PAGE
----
MessageLabs is looking challenge its SaaS security rivals with plans for new services and integrated policy enforcement across its messaging and Web security offerings. MessageLabs competes in a crowded SaaS space with the likes of Google, Microsoft and ScanSafe, as well as against traditional security vendors like Symantec.
The quickening adoption of software-as-a-service must be validating for a company like MessageLabs
, which has had a software-as-a-service (SaaS) business model since its inception in 1999.
But in a crowded space a company is only as good as its ability to differentiate itself, and to that end MessageLabs plans to expand its offerings and unify policy enforcement across its messaging and Web security services as it looks to keep Google, Microsoft and others at bay.
"The big vision for us...is that single policy," said Jos White, chief marketing officer for MessageLabs. "So you say, -I want to encrypt information going to the executive team. I don't want to receive MP3 files. I want to archive information coming from the CEO.' (Those policies are) cascaded down across every different type of way that you use the Internet."
White, who co-founded the company with his brother, Ben, called this the company's major objective over the next one to two years and a key part of its plan to differentiate itself in a crowded market. The U.K.-based company cleared $145 million in revenue during its last fiscal year, but faces competition from companies ranging from Google to ScanSafe to Microsoft. Then, there are the traditional anti-malware vendors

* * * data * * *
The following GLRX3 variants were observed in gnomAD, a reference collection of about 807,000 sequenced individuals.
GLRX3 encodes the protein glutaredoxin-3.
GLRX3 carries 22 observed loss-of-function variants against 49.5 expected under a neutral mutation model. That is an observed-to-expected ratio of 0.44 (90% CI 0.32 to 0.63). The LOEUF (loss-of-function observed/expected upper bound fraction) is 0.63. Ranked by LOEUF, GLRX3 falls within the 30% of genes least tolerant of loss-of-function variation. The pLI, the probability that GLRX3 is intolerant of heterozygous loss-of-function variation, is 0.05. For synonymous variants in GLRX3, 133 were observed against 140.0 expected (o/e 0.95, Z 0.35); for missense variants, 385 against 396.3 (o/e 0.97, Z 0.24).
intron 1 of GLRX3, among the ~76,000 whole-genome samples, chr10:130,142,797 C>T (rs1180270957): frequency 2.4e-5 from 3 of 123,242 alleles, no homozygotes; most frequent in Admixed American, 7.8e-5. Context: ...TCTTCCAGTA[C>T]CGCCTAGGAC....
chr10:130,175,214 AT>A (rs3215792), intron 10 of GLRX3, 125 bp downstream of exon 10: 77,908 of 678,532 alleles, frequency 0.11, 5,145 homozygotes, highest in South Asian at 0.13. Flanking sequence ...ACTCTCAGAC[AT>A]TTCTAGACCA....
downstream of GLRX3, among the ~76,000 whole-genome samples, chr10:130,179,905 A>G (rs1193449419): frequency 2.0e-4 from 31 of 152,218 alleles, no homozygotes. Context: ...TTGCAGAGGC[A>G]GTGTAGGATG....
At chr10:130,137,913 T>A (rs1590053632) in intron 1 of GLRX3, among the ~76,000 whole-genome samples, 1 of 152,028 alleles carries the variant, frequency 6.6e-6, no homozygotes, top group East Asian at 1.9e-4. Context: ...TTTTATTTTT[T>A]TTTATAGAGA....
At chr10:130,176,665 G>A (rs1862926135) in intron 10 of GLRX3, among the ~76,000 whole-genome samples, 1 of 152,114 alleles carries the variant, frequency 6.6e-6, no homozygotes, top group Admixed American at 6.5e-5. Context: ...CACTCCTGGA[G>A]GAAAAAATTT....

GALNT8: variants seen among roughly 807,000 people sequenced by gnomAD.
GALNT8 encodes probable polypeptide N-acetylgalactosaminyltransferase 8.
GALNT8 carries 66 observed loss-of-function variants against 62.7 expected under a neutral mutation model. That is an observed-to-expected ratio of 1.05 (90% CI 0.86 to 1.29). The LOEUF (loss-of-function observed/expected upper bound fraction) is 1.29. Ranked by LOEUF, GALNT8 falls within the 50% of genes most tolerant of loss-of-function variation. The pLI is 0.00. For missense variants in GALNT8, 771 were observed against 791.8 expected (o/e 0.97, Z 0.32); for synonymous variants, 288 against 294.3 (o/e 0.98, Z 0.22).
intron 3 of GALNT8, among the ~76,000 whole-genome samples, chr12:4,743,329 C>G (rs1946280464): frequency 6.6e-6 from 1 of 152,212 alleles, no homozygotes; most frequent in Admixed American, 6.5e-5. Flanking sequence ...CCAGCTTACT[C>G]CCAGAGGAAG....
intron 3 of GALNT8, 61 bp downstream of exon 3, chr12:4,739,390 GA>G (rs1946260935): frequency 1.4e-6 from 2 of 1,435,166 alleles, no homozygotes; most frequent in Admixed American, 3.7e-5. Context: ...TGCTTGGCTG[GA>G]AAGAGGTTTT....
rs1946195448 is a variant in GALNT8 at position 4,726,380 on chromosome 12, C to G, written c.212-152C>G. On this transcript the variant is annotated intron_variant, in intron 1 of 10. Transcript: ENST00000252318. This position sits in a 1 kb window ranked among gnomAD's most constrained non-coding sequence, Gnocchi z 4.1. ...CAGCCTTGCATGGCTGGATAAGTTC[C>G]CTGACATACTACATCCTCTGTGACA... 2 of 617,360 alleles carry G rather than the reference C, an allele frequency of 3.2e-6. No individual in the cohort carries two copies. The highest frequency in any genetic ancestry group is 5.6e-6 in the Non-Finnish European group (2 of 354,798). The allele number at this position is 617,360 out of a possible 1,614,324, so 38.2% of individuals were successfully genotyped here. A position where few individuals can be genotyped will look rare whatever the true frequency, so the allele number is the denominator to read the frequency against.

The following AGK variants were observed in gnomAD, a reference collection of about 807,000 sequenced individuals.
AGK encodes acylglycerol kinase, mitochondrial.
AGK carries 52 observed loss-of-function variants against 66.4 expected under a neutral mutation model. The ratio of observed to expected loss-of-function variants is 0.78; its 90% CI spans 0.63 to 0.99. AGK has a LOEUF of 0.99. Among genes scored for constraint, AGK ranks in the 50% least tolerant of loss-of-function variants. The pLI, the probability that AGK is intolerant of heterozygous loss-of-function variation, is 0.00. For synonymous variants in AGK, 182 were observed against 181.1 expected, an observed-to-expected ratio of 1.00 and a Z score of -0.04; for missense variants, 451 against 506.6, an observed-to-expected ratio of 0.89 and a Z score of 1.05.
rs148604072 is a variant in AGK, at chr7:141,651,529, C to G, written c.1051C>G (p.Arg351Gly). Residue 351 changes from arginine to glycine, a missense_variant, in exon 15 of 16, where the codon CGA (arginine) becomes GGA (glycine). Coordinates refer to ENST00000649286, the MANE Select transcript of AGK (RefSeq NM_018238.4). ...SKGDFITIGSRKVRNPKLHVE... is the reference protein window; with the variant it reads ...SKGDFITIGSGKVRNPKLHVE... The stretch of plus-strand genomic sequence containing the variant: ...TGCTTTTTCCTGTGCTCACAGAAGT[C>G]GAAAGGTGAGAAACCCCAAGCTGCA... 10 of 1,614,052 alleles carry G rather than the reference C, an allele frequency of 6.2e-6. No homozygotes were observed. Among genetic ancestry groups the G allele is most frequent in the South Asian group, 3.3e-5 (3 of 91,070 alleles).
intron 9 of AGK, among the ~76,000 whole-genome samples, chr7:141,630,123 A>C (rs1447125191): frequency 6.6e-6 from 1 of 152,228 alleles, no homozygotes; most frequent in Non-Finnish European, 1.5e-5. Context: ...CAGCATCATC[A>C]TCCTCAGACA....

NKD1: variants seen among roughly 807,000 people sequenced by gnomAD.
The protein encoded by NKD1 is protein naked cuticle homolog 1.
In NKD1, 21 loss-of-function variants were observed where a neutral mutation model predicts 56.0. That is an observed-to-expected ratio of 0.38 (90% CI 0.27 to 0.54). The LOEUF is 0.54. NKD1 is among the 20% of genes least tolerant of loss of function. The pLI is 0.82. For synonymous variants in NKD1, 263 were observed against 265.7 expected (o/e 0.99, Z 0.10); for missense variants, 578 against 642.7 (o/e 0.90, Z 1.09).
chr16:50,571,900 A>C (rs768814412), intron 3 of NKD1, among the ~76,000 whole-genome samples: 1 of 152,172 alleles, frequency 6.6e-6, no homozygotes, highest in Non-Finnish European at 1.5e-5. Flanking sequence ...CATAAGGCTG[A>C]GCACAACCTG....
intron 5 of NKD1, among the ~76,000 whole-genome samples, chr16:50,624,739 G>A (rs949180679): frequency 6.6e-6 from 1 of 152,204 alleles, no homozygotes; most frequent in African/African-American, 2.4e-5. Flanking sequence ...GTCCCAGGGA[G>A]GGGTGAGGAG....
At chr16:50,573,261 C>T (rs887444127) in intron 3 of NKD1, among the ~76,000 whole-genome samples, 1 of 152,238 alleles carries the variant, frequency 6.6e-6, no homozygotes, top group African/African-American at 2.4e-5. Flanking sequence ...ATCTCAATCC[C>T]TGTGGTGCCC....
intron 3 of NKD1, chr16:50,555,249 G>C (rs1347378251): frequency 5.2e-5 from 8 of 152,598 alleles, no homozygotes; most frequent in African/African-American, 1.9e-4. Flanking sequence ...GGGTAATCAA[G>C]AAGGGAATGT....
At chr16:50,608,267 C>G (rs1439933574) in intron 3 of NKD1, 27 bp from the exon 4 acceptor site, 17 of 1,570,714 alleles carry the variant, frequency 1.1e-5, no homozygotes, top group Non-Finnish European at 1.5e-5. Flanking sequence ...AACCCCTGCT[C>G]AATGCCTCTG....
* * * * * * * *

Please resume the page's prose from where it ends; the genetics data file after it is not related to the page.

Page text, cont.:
like Symantec and McAfee, as well as a growing number of startups such as Purewire.
Still, MessageLabs' CMO expressed confidence in the company's position as he discussed a number of plans for the future. At the moment, he explained, the market is very siloed.
"You got your email security and your Web security and your IM, whatever, so the challenge for us is trying to bring that all together," he said. "We designed a new architecture which is all about bringing all the different platforms together, which is all about having a single-sign-on and single policy."
Pieces of it are coming together already, he said, such as threat intelligence sharing between the various services.
"But in terms of the policy and single-sign-on and really completely integrating it together, we've still got some more work to do," he said.
has been the biggest beneficiary of enterprise interest in SaaS. However, analysts at Gartner predict the SAAS market for security services will grow steadily into other areas over the next five years.
For MessageLabs, staying relevant means expanding services, and along those lines the company has plans for an instant messaging security service in 2009 for AOL, Google and other IM clients. The company also has plans to help organizations enforce Web use policies on their remote users.
"The main way that we're looking at is to have a small piece of software actually on the laptop, so then that kind of knocks it down, knocks down the browsing (and) ensures it goes through our service," White said.
Other plans include content analysis scanning for VoIP, though that remains far off.
"We'd like to scan for every different type of Internet traffic eventually," White said.